With tools like Everactive’s real-time Steam Trap Monitoring, a single sensor’s impact = avoiding $1,000 in energy costs, 10+ tons in annual excess CO2 emissions, and 1,800+ therms of energy.  That’s the equivalent of removing 2 passenger cars from the road for a single year or making 5 US homes energy net-zero for a full year.  When you consider that an average manufacturing facility has hundreds to thousands of traps and there are tens of millions of these throughout industry, the impact multiplies rapidly.

With real-time Machine Health Monitoring, B2B customers are able run machinery much more efficiently and avoid extremely costly downtime events.

In general, there are hundreds of B2B IoT applications where wireless IoT devices can be put to work in the service of far more impactful uses — to curb energy usage, reduce waste, lower emissions, improve air quality, and do it using renewable energy.

Examples of Everactive’s Customers/Technology Impact on CSR

Anheuser Busch reduced its CO 2 emissions by an estimated 7,561tons of CO 2 per year using the Everactive always-on solution, which is equivalent to taking 1,644 passenger vehicles off the road each year.

Hershey Since implementing the STM (Steam Trap Monitoring), the Hershey’s plant has already saved several thousand dollars in steam system savings. The maintenance team are now piloting Everactive’s new solution for Machine Health Monitoring (MHM).

Colgate-Palmolive During the first several months of using 230 Everactive steam trap sensors in Colgate-Palmolive’s Ohio and Indiana manufacturing facilities, on-site managers received email alerts about four critical steam trap failures. Teams were able to quickly replace the malfunctioning traps. Everactive says that Colgate-Palmolive recouped its subscription-based fees for service (including installation of the sensors and use of Everactive’s web data  platform) in just three months. Everactive also estimates that as a result of the sensor-based monitoring, Colgate-Palmolive is saving 20,000 metric tons of CO2 emissions yearly.

Merck For this customer, the advantages have been manifold. Everactive delivers steam trap insights second-by-second, rather than once every six months, and does so conveniently, with intelligent notifications and easy to navigate mobile and desktop interfaces.”I was able to get on my phone real quick and read what the condensate temperature was, so we could determine if there was live steam going into [the trap],” notes the plant’s Facilities Engineer. “[That was] pretty neat.”

Software-Definable Flash LiDAR Complements Software-Defined Vehicle

The types of news releases and calls I’ve received over the past few years have signaled a shift in technology and applications. Sensor news was sparse, now new generations with new applications have emerged. Take this news of a software-defined LiDAR for autonomous vehicles. Think not only cars on the highway, but think also of autonomous material handling vehicles in our factories and warehouses.

PreAct Technologies, an Oregon-based developer of near-field flash LiDAR technology, announced that its patent pending T30P flash LiDAR is the industry’s first sensor designed to be software-definable and integrate easily into a complete autonomous driving system stack for automakers, as well as trucking and robotics applications.  Vehicles with software-defined architectures require sensor technology that can support over-the-air updates throughout the life of the vehicle, allowing OEMs to generate ongoing revenue by offering powerful new features and functionality.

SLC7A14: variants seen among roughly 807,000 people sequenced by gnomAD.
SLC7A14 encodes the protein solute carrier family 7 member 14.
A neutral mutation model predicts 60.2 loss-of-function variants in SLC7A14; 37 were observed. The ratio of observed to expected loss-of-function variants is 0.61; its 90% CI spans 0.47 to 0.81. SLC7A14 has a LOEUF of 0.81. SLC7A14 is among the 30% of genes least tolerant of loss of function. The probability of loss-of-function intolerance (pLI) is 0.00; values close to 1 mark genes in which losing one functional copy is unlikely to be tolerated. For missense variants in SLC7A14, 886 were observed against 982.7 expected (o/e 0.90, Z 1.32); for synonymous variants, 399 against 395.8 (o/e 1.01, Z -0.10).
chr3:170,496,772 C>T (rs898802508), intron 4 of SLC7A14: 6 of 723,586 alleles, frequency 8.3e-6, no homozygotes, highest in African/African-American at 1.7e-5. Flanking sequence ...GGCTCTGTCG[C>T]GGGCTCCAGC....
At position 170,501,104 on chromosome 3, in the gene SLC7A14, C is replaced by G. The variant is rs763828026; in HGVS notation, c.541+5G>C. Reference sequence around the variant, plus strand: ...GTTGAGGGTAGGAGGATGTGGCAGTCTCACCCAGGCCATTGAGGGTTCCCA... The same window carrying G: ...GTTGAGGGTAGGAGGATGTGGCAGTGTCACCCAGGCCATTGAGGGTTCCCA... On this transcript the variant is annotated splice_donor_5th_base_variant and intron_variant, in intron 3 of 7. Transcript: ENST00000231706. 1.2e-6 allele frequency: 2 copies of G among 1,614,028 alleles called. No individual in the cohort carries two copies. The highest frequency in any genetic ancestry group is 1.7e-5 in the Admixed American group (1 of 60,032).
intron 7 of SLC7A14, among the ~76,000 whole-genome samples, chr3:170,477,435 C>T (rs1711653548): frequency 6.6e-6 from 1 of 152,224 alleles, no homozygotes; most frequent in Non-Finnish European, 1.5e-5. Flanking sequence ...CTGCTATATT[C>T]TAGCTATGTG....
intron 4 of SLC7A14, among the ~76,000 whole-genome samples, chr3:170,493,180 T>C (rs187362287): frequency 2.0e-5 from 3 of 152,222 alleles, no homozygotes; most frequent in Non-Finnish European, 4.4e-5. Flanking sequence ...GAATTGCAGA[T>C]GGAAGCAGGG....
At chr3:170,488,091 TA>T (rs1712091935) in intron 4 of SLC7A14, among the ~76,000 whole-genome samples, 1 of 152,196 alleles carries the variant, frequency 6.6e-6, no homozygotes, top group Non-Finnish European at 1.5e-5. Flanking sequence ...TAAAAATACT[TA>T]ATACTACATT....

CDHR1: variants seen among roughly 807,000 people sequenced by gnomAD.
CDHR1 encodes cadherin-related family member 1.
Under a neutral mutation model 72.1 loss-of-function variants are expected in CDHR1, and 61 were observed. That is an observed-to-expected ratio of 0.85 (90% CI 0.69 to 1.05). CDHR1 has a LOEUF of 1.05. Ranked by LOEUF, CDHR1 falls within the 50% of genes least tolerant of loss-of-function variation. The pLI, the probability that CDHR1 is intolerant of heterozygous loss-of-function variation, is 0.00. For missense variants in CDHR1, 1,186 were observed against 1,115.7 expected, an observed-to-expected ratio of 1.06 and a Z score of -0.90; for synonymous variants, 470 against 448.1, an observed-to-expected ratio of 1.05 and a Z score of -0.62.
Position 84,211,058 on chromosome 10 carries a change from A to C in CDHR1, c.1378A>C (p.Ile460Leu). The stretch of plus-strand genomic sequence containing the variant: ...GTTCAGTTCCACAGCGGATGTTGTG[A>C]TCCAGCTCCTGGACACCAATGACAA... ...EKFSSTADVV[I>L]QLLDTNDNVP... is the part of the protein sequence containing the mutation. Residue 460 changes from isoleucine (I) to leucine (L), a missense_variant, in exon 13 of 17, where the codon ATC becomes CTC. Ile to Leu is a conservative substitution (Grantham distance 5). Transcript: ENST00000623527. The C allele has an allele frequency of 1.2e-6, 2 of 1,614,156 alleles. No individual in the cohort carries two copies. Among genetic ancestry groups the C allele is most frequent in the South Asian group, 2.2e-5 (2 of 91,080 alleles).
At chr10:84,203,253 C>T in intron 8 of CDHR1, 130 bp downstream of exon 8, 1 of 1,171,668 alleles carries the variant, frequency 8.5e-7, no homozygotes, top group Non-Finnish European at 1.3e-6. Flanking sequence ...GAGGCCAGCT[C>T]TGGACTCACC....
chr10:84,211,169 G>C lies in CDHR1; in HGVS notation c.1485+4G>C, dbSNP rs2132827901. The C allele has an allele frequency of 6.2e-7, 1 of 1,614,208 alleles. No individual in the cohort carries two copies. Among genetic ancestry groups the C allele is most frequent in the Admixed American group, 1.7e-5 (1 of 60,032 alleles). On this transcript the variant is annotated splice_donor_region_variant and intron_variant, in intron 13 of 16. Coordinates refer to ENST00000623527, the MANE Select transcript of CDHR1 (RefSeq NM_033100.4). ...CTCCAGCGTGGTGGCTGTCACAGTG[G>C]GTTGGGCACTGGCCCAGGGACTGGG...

“We are excited to bring our software-definable flash LiDAR to market, furthering the advancement of autonomous mobility across multiple industries,” said Paul Drysch, CEO of PreAct Technologies.  “We’ve spent the last three years creating a solution that fulfills the need of software-defined vehicles, providing the most value for Tier 1s and OEMs over the long term by making any ADAS application relevant for the entire life of the vehicle.”

As nearly every OEM is integrating high-performance computing into their vehicle and planning for the future, PreAct is committed to working with carmakers on future-proofing vehicles by delivering more sophisticated ADAS and safety applications throughout the life of a vehicle.  PreAct’s flash LiDAR architecture is based on modulated waveforms that can be optimized for different applications via over-the-air updates, along with an application stack that resides on the edge.  The flexibility of a software defined LiDAR allows Tier 1 suppliers and OEMs to package one sensor for multiple use cases – everything from true curb detection and gesture recognition to self-parking and automatic door actuation – that can update to meet their changing needs as more user and sensor data become available.

T30P, with a frame rate of 200 fps and QVGA resolution, is also the fastest flash Lidar on the market making it well suited for ground and air robotics or industrial applications – systems which all share a need for fast, accurate and high-resolution sensors that can reliably define and track objects in all environmental conditions.

PreAct’s T30P Flash LiDAR sensor suite will be available in July 2022.

Color Image Sensors Connect the Quantum Dots

Continuing with a series on sensors, here is research combining sensors and quantum physics. Chung-Ang University researchers develop an innovative design for color image sensors. In this case, Vertically stacked quantum dots offer unprecedented pixel density for ultra-compact, flexible, and sensitive color image sensors.